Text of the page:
What About People Who Literally Follow The Rules And Regulations

[Govardhana Puja]“According to the instruction of Lord Krishna, Nanda Maharaja and the cowherd men called in learned brahmanas and began to worship Govardhana Hill by chanting Vedic hymns and offering prasadam. The inhabitants of Vrindavana assembled together, decorated their cows and gave them grass. Keeping the cows in front, they began to circumambulate Govardhana Hill.” (Krishna, The Supreme Personality of Godhead, Vol 1, Ch 24)

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Friend1: I’ve heard it said that genuine religion should at the very minimum involve four qualities.

Friend2: I think you are referring to the four regulative principles of the Vaishnava tradition. Restriction on meat eating, gambling, intoxication and illicit sex. Each regulation has a corresponding quality that it produces.

Friend1: Yes, and so any type of religion, doesn’t matter which one you follow, should yield these qualities as a benefit.

Friend2: Not that the change in personal makeup is everything, but it is something like purification prior to entry. Taking a shower before going to work. Fasting before surgery. Precautionary measures.

Friend1: I’m glad you mentioned the shower thing. That is what I wanted to focus on today.

Friend2: You don’t feel like making the effort every single day?

Friend1: No, I am not saying that. What if you run into people that are supposedly religious, strict to their faith and what have you, but they stink.

Friend2: What kind of question is this?

Friend1: Indulge me a little. For whatever reason, this group has discerned that part of their religious faith is not showering.

Friend2: Never or just not often?

Friend1: I am not sure. Maybe once a week. I don’t know.

Friend2: Yeah, that is a sign of Kali Yuga. People make up religions. They concoct best practices. They don’t use common sense.

Friend1: That is what I was getting to. Don’t you think there should be some mental application? Use your intelligence to reconcile between contradicting recommendations.

Friend2: It is the age-old argument of taking things literally versus understanding the spirit. Even in the Vedas you will find sections that describe remedial measures for transgressing the rules. For instance, if a brahmana drinks alcohol, they are supposed to punish themselves severely and the like.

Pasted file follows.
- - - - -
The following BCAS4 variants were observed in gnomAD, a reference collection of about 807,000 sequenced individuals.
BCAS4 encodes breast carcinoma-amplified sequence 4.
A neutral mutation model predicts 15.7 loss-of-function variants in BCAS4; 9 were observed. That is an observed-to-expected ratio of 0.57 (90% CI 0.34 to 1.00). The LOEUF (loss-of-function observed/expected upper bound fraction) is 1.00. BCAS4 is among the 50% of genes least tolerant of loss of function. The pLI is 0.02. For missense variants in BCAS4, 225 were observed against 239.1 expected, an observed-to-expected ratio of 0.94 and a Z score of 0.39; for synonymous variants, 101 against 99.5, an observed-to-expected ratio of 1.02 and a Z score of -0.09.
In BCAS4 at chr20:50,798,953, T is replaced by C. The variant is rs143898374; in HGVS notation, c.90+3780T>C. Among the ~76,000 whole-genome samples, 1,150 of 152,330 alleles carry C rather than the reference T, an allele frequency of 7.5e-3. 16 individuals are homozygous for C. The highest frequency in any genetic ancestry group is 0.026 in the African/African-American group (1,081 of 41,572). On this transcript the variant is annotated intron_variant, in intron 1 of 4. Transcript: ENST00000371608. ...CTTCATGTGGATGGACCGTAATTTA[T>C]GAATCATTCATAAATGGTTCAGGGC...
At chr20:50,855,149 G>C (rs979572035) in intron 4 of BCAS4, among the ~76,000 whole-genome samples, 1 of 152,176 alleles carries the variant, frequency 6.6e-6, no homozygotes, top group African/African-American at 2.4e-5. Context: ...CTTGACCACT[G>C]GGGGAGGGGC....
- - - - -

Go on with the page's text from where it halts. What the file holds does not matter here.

Friend1: Okay, so what if someone today wants to follow that literally?

[Shrila Prabhupada]Friend2: That’s why you need the guru, the spiritual master. They apply the lessons to the time and circumstance. They don’t act in a foolish way. Know that every recommendation is made for the purpose of purification. I need compassion in order to better understand God. Cleanliness will help me to better understand the purpose of the creation and our role in this world.

Friend1: I agree with you, but I think people might have a difficult time going beyond the rules that are passed down to them.

Friend2: That’s understandable.

Friend1: Even within the Vedic tradition you have people who don’t shave for months at a time. They grow long beards. The hair is long. So many saintly people appear this way.

Friend2: Yeah.

Friend1: How is that cleanliness, though?

Friend2: It is simpler living. If you stink because you’re not bathing, that’s a different issue.

Friend1: I guess what I am asking is that if I don’t have cleanliness, am I restricted from understanding the Divine?

Friend2: You know the answer to that. No single condition is an automatic qualifier or disqualifier. Otherwise, access to Bhagavan would be limited based on the circumstances of birth and the like.

Friend1: Couldn’t you say the animal birth is a disqualifier?

Friend2: Most of the time, but we know that Chaitanya Mahaprabhu liberated the animals in the wild through His presence. He shared the holy names with people of all levels, high and low births, men and women, children, even.

Friend1: There is also the possibility of criticism. By ignoring a specific rule that has been followed for generations, people will think you are a heretic.

[Govardhana Puja]Friend2: Look at the first Govardhana Puja. Shri Krishna started something that went against tradition. People were worried that skipping the Indra-yajna would be dangerous. They were correct, in a sense, but since the replacement was pure devotion to Krishna, everything worked out. They didn’t need to reconcile anything. They offered everything to the hill, which was nondifferent from Nanda’s son. They offered pure food dishes to the hill. They worshiped in the proper mood. They were not looking for anything in return. The rebellious Krishna set the example moving forward, promising protection for anyone who would repeat the worship on an annual basis.

In Closing:

Promise of protection giving,
For those with the tradition living.

That even if rules transgressing,
That hill always blessing.

Because of devotion pure,
For every ailment cure.

Guru the meaning explaining,
So closer to liberation attaining.



Categories: conversations

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